Monday 112: Looking At Retirement Numbers

Monday, 15 May 2017

This weekend I took an online class that is required to set up an appointment with a representative from my retirement program, a public employees retirement system (PERS).  The course is actually very worthwhile as it opened my eyes to all the wonderful things available to me through it:  different levels of retirement pay, depending on how I choose to disburse it; health care which includes medical, dental, vision; long-term care.  There are other things, too, which make me so grateful I am a member of this group – something which I did not appreciate until recently.  On top of it, I have been paying social security ever since I began working at 17, and can expect to collect a tidy sum there.  The question is whether or not I will be affected by the WEP (Windfall Eliminations Provision) or not.  I will be making a visit to a local Social Security office to start learning about this as well as Medicare sign-up.

Getting ready ahead of time is really important to me, not just for retirement economics, but overall.  Sadly, I haven’t done well in the financial department, though it is getting better.  With retirement two years out, I figure my time to learn about what I can hope for on the financial scene is now, not later.  I really admire all the younger bloggers who have their acts together.  Planning for my retirement means getting my financial house in order by June 30, 2019, my estimated date of the last of 182 Mondays!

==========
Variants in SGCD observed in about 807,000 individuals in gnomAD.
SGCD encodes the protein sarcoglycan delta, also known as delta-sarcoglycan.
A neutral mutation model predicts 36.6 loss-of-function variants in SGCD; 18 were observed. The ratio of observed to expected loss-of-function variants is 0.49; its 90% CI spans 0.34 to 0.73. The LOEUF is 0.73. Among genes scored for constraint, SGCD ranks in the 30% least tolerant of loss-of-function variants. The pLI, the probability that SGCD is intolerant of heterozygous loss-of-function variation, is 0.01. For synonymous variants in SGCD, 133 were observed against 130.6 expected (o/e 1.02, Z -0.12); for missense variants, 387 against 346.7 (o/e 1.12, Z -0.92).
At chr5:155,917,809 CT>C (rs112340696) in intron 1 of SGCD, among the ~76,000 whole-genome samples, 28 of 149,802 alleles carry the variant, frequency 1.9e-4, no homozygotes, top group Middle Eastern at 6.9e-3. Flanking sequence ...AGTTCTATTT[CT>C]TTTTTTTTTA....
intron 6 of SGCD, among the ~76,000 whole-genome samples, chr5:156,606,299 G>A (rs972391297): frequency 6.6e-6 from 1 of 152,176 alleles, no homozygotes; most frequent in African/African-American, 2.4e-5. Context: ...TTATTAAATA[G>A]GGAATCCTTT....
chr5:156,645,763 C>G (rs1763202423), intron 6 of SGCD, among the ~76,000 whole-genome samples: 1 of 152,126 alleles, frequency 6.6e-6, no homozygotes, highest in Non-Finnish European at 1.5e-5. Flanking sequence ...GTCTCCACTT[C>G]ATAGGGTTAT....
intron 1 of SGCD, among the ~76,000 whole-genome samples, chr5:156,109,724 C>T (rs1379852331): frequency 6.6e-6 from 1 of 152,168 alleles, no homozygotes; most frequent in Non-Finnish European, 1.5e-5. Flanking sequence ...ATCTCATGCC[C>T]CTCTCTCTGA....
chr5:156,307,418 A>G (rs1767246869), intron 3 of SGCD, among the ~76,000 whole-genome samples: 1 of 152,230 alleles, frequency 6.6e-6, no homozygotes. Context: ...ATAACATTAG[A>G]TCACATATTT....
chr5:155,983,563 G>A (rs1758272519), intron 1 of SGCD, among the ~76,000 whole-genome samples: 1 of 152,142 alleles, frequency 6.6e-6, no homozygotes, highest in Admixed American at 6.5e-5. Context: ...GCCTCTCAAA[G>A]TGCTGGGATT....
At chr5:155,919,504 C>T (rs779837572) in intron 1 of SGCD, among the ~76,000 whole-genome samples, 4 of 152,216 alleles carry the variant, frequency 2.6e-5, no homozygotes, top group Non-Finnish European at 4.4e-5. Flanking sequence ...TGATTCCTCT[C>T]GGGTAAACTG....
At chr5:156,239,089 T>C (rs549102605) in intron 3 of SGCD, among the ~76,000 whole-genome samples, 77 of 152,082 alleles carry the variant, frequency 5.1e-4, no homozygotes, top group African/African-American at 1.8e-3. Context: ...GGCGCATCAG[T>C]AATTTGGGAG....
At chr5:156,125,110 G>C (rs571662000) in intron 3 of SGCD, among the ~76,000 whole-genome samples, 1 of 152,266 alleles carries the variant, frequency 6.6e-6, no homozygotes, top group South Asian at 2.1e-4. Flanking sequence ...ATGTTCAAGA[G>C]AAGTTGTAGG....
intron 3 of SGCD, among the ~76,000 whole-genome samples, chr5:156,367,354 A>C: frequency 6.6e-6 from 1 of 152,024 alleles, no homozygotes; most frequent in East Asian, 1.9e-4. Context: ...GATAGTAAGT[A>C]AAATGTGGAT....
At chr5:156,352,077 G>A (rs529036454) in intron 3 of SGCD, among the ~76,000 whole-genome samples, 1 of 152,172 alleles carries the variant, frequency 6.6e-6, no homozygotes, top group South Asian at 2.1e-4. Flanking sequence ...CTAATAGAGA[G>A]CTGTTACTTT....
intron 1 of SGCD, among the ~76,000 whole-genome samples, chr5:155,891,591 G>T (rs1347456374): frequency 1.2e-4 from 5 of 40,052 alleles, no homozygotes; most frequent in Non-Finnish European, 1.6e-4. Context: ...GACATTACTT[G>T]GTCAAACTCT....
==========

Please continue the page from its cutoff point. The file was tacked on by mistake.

Car expenses were awful this month – but cheaper than buying another car!  Mr. 182’s car is an Acura RSX S Type, from 2003.  It’s in good shape, but like with any car, it needs maintenance and repair.  While the oil is changed regularly, things can happen.  What happened was the air conditioner went out.  In cooler months, this is okay to not need, but in hot summer months, it is another story.  Fortunately, we have a good mechanic who is into economical repairs, and does things piecemeal, checks, and continues.  We had hoped it would have been a $400 repair, but after that, it came to the point of having to pull out the dashboard to get to other parts of the system.  The evaporator was corroded – common, it turns out – in this car and model.  So, the final cost was $1680.30 – but we had the cash, thanks to saving every month!  And, we can still save $1000.00 this month, so we will replace most of what we spent.

Planning ahead saves money.  It makes some people really happy to do this, while others are more for living in the moment.  Whatever you are, some self-discipline and self-denial are necessary.  Having a “pay myself first” attitude builds wealth.  Not buying things when you cannot afford them works, too – unless you are quick to pull out the credit card, which has been our past habit.

Everything in life changes.  Planning ahead helps lighten financial shocks, such as extensive car repairs.  Saving money is akin to saving yourself in many ways.

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